Visiting Graduate Schools
When you decide to visit a graduate school in which you are interested, you should plan for a visit in three instances: before applying; after applying, but before deciding, and after acceptance. Here are some points to consider while visiting a graduate school.
- There are two major reasons to visit at this time: (1) to collect information about the community & (2) to cast a favorable impression upon faculty and advisors.
- You need to know that it is best to call a graduate advisor or faculty recruiter to schedule an appointment, because doing so will be more worthwhile.
– You should also speak with at least one faculty member that teaches in the department to which you are applying.
- The primary purpose of visiting at this time is to speak with everyone that is willing to speak with you.
- Speak to all available faculty to see if they are open to talking with students.
- Ask the faculty questions that you have prepared before you came to visit.
- Ask questions that:
- will give you information that was not included in the literature
- prove you are deliberating about and are truly interested in the program
- show faculty that you are excited and committed to your studies
- will provide yourself the opportunity to show those you meet that you are exceptional and possibly win support when applications are reviewed
- Be certain to speak with your graduate advisor, especially about the chances of receiving financial aid because doing so will give you a better sense of it.
- Speaking with other graduate students might give you a greater perspective of the school than just speaking with faculty.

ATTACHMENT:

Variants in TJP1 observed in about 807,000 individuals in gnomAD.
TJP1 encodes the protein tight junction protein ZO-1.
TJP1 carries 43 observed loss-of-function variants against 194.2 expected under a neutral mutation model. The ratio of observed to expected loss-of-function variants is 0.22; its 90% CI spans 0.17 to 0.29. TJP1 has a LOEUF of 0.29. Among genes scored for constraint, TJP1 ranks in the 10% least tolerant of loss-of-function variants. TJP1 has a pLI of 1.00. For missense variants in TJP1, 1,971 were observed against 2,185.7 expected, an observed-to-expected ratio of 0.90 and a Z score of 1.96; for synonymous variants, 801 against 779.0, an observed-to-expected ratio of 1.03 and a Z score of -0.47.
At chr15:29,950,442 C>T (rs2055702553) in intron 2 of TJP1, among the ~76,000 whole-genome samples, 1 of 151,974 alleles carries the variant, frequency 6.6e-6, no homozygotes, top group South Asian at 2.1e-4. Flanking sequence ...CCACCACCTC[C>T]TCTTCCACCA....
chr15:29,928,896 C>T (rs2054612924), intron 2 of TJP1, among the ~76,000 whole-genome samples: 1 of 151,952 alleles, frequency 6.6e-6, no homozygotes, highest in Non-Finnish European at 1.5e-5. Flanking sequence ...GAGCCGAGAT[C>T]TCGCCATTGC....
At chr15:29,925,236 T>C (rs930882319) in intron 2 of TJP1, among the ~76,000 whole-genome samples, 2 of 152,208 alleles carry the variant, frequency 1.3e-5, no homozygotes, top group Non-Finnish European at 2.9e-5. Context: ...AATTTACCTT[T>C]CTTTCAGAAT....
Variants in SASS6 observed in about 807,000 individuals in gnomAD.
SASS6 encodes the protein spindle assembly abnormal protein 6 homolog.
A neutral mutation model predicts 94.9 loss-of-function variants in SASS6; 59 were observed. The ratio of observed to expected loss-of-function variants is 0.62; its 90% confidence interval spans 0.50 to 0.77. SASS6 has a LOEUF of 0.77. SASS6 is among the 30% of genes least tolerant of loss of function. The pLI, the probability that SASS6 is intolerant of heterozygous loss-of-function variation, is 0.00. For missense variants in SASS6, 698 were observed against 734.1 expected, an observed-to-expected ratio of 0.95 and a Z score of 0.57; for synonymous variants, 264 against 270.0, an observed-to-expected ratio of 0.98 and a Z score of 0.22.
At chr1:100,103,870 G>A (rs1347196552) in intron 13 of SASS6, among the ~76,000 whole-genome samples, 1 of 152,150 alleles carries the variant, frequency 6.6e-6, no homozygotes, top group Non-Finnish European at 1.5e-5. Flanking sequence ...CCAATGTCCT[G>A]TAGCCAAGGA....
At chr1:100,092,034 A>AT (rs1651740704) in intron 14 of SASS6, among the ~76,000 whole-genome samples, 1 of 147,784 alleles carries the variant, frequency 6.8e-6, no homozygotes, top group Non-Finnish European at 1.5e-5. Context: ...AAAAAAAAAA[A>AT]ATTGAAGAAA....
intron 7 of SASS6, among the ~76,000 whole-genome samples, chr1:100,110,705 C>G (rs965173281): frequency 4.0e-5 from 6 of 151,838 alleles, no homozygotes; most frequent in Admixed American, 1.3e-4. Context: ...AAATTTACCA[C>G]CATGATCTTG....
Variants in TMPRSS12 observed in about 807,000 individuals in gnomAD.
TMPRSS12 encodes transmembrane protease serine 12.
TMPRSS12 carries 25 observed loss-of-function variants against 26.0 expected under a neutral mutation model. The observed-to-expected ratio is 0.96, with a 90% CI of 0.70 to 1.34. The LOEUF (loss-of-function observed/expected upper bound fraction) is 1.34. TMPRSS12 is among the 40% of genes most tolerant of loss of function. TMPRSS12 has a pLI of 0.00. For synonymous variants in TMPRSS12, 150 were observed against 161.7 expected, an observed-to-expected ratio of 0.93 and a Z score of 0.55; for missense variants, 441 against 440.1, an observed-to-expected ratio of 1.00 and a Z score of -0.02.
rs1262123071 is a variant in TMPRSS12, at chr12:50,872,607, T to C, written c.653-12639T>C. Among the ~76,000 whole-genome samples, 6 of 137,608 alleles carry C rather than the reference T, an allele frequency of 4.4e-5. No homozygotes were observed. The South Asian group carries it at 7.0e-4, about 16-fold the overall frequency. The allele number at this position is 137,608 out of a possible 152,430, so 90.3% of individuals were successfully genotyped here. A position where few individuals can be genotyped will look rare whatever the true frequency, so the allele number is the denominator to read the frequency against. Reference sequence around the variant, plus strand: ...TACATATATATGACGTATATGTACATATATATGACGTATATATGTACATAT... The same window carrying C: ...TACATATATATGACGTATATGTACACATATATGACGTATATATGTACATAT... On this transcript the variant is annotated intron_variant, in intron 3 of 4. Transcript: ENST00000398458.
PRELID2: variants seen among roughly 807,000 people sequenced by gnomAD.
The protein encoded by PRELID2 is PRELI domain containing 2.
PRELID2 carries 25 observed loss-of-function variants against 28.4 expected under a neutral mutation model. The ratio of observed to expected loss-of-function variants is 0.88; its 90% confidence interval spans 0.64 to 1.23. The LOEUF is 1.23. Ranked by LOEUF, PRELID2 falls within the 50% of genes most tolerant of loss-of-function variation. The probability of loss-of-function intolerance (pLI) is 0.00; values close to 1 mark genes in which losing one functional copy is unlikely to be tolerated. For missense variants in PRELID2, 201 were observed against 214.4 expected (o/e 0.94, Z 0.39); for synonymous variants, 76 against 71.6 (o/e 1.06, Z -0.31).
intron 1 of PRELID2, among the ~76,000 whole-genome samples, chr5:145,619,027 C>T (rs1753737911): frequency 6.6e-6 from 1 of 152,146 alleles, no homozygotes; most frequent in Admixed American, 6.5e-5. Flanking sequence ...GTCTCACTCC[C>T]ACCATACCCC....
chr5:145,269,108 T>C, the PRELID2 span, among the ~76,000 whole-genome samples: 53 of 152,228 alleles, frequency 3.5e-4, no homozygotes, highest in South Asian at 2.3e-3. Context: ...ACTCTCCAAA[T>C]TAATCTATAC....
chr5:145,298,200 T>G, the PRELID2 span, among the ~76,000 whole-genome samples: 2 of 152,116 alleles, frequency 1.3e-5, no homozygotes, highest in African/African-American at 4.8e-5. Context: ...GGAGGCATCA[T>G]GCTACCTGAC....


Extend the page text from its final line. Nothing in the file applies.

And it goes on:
- You should investigate the school to have a better understanding of it and to decide if you want to earn your degree there
- However, you should not limit your investigation to the campus; explore the local community
After Applying, but Before Deciding
- Though the purpose of visiting at this time is similar to visiting before applying, the trip could be a waste of time if the application is turned down or there is scant or no financial aid.
- A visit might be beneficial and help you decide on the school you want to attend before you receive letters of acceptance.
- Normally, you would visit a school after being accepted because you have not yet decided on enrolling at the school.
- To visit after being accepted is normally a different experience than visiting beforehand, and you will probably be treated differently as a probable and desired student.
- You should know under which faculty you want to study if you do go to that school.
- You should also call before going and ask the graduate advisor to arrange appointments to meet with the faculty.
- When you speak to the faculty, ask questions that will help contrast the school with others under consideration.
- You can visit a school without prior notification.
- This might give you a more realistic perspective of the school, and you can see if you are treated differently than if you had arranged for a visit.